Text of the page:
The Bystander effect can be reduced with awareness and in some cases explicit training.
An active bystander is most effective when they assume that they are the only person taking charge; giving direction to other bystanders to assist can, therefore, be critically important.
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It happens when the presence of others discourages a person from intervening in an emergency situation. The greater the number of bystanders, the less likely it is for any one of them to provide help to a person that is in trouble or distress.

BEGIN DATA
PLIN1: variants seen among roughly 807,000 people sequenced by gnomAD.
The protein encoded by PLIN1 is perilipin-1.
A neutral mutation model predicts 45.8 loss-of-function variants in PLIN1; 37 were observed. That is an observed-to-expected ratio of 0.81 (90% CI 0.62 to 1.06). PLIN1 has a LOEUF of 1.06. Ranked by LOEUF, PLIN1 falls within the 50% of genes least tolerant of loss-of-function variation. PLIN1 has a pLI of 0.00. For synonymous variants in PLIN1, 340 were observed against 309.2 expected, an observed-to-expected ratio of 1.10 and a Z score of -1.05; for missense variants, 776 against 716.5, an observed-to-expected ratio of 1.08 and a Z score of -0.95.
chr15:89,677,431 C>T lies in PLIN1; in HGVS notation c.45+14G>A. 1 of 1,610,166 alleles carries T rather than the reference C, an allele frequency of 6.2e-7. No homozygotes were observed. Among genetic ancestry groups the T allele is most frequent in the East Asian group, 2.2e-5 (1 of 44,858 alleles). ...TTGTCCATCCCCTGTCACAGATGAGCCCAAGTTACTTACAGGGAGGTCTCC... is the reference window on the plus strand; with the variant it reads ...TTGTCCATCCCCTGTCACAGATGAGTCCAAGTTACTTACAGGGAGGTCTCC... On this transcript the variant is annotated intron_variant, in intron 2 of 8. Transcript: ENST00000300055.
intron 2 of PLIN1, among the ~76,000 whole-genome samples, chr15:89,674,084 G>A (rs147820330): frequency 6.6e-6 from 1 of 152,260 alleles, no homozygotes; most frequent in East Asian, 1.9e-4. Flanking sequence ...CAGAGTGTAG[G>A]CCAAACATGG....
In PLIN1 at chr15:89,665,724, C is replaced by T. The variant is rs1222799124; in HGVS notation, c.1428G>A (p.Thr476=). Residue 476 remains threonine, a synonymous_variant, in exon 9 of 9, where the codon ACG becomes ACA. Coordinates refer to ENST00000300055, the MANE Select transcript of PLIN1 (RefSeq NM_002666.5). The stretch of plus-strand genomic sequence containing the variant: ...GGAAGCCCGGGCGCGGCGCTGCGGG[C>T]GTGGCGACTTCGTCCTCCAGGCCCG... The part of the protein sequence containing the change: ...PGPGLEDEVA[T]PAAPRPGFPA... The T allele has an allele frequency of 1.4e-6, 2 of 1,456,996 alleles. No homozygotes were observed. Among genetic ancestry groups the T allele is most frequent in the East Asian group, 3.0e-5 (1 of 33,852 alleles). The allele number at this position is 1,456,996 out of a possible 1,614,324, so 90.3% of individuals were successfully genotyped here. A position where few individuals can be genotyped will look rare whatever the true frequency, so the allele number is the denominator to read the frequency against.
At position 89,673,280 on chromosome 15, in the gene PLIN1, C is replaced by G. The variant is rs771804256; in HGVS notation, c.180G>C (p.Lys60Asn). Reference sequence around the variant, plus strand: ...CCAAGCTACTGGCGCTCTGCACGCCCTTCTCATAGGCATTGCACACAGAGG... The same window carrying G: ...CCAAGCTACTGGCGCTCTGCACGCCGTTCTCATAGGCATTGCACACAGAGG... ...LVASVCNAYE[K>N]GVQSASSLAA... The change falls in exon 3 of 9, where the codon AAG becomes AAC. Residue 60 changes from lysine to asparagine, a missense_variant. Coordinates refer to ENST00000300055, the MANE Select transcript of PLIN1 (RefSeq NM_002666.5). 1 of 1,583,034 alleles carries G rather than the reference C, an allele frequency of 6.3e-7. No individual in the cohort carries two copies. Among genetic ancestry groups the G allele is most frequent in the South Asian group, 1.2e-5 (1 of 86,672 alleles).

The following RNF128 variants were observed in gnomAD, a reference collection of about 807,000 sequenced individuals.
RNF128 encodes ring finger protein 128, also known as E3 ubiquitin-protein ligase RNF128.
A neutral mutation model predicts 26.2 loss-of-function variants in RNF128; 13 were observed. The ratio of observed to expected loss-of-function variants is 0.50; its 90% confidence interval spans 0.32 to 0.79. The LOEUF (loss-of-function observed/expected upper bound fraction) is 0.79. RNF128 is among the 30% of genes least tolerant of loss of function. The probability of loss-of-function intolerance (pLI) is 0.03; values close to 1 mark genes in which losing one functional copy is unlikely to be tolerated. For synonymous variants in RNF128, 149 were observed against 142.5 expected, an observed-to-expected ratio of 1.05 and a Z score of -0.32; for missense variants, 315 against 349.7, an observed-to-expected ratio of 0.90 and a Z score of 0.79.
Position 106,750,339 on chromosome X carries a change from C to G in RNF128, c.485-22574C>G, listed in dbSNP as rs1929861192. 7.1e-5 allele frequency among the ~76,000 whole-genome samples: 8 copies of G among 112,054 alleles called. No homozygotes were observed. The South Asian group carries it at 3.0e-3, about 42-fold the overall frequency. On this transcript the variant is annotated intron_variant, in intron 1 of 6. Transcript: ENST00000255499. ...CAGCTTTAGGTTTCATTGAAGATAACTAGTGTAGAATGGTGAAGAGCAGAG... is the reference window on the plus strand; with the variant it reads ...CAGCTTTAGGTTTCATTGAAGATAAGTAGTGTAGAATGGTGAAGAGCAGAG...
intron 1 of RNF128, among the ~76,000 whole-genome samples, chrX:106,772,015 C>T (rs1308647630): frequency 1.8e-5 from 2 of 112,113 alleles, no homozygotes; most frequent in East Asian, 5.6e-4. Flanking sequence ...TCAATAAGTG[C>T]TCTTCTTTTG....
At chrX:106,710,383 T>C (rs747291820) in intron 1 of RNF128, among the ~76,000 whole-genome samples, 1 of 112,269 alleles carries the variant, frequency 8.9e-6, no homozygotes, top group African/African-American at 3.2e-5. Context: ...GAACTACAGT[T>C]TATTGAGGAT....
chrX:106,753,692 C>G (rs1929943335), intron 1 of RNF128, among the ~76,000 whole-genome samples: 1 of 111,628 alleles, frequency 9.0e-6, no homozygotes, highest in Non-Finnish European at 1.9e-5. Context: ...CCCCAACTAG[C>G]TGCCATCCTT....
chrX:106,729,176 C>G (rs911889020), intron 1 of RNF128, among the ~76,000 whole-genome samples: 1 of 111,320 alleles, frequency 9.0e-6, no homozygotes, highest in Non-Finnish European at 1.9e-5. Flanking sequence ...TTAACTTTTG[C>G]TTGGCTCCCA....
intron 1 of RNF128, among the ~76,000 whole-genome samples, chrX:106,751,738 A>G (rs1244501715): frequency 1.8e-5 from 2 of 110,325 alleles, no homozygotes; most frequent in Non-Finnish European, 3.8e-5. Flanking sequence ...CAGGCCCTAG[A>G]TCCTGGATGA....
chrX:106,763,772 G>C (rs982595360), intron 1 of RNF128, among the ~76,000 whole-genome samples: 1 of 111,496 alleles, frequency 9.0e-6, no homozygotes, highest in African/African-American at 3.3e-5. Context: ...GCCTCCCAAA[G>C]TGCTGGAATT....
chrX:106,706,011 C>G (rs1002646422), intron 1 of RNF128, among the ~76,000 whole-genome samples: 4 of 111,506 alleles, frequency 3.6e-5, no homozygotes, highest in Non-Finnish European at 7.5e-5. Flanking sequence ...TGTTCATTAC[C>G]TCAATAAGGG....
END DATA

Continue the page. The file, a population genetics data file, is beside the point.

People are more likely to take action in a crisis when there are few or no other witnesses present.
The Bystander effect is attributed to:
Similar experiments conducted by B.F. Skinner, in which animals were kept in puzzle boxes with levers, led to a modified theory called Operant Conditioning.
The concept of reinforcement was introduced in the original law of effect theory, with reinforcements inserted in the positive and negative actions of animals, instead of waiting for them to try them out for themselves.
It's based on the idea that by partitioning your sleep into segments, you can get away with less of it.
Though it is possible to train oneself to sleep in spurts instead of a single nightly block, it does not seem possible to train oneself to need less sleep per 24-hour cycle.